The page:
The Supreme Court is set to make a decision on the Tigua Tribe’s right to offer gambling on their El Paso land. Any declaration made by the Supreme Court could see an almost 30-year legal battle come to an end.
This news comes after the Court agreed to hear the Tigua’s appeal of a 5th Circuit decision made in 1994 that declared bingo-style games being operated at Speaking Rock Entertainment Center illegal. Since then, there have been a number of legal appeals, most recently in 2019.
Todd Curry, a political science professor at the University of Texas-El Paso, has spoken to El Paso Matters, suggesting the Tribe has a high chance of being successful before the Supreme Court.
“Since Gorsuch, I think to have someone who is an honest expert in these areas has made the voting more predictable. As the federal government is supporting the Tiguas, and Gorsuch has yet to vote against Indigenous interests since joining the court, I think the real question will be how big is the majority,” stated Curry.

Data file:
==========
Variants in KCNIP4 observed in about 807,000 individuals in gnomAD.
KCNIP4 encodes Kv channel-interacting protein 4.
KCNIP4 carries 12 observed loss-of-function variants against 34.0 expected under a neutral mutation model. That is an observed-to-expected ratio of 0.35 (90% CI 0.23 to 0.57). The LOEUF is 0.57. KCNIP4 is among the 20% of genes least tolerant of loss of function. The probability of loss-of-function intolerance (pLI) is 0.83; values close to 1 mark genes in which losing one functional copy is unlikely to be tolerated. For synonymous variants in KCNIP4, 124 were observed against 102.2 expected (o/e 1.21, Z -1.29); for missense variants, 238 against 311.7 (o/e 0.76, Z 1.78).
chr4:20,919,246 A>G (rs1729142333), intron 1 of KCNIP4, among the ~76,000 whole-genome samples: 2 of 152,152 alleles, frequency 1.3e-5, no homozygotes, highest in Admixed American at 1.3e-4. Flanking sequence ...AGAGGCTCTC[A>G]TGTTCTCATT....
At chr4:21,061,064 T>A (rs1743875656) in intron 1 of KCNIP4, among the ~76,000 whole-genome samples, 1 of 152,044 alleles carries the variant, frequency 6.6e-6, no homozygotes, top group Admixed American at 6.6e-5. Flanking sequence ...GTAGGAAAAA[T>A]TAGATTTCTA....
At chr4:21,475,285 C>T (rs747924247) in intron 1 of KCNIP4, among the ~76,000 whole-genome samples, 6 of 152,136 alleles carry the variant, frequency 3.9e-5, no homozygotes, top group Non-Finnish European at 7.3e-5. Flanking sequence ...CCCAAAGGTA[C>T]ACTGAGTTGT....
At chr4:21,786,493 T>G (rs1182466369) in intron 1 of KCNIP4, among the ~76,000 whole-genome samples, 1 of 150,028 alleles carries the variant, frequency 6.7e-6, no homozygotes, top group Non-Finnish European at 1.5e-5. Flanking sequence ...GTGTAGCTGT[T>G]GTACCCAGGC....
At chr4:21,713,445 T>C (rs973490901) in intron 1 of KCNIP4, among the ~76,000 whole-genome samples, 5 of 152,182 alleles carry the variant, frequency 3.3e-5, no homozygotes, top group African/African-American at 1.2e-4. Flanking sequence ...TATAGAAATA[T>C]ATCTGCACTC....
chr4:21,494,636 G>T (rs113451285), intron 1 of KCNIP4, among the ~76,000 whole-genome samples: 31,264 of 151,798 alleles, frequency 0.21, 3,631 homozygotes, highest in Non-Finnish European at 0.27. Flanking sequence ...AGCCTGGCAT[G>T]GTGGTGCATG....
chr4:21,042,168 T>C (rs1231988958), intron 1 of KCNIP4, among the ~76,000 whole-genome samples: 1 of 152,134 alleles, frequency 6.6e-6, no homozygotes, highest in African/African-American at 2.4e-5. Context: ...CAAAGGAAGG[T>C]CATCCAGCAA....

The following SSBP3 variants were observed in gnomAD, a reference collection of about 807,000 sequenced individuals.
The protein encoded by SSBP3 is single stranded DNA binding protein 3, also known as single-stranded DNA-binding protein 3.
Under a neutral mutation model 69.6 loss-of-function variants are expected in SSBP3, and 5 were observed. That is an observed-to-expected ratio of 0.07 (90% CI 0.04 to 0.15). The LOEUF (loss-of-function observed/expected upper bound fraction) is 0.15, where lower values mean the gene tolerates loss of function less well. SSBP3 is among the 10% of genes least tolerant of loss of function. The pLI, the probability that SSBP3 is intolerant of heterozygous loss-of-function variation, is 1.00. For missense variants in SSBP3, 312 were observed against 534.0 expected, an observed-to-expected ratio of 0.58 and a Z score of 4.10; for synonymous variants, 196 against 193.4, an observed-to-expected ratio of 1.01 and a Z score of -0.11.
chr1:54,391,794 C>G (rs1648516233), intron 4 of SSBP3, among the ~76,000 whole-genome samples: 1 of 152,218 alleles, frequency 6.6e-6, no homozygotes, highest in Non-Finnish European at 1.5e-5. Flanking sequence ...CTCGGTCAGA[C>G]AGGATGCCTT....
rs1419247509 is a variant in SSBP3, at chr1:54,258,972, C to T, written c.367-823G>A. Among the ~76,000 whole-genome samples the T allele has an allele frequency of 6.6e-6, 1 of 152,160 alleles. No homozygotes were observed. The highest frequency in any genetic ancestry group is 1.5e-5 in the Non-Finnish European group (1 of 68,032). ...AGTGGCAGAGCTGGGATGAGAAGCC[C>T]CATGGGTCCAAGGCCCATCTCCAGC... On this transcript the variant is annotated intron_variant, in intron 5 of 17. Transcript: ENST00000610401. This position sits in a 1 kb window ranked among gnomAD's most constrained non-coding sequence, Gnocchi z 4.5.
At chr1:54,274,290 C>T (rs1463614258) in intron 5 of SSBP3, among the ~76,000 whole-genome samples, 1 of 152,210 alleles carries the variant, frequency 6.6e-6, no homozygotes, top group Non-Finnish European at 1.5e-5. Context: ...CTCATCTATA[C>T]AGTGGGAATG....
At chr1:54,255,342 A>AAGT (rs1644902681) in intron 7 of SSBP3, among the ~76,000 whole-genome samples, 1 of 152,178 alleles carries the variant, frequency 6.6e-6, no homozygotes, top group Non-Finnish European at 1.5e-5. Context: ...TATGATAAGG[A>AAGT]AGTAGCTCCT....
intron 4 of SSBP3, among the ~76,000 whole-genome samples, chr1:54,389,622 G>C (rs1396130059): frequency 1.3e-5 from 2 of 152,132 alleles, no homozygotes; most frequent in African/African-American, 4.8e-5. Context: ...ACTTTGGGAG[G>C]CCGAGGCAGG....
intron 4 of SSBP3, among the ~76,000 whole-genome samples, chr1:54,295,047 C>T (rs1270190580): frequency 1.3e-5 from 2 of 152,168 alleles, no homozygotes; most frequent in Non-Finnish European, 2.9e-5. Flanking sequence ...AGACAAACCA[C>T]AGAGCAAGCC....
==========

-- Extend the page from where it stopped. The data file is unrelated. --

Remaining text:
“Justice Samuel Alito is the only one I don’t see as possibly supporting the Tiguas in the suit.”
For the appeal to be granted, four of the Supreme Court’s nine justices must agree to hear the Tribes argument. A decision is likely to be made in 2022.
Texas first outlawed all gaming activities on tribal land in 1987 via a federal law named the Restoration Act. This piece of legislation states: “All gaming activities which are prohibited by the laws of the State of Texas are hereby prohibited on the reservation and on lands of the tribe.”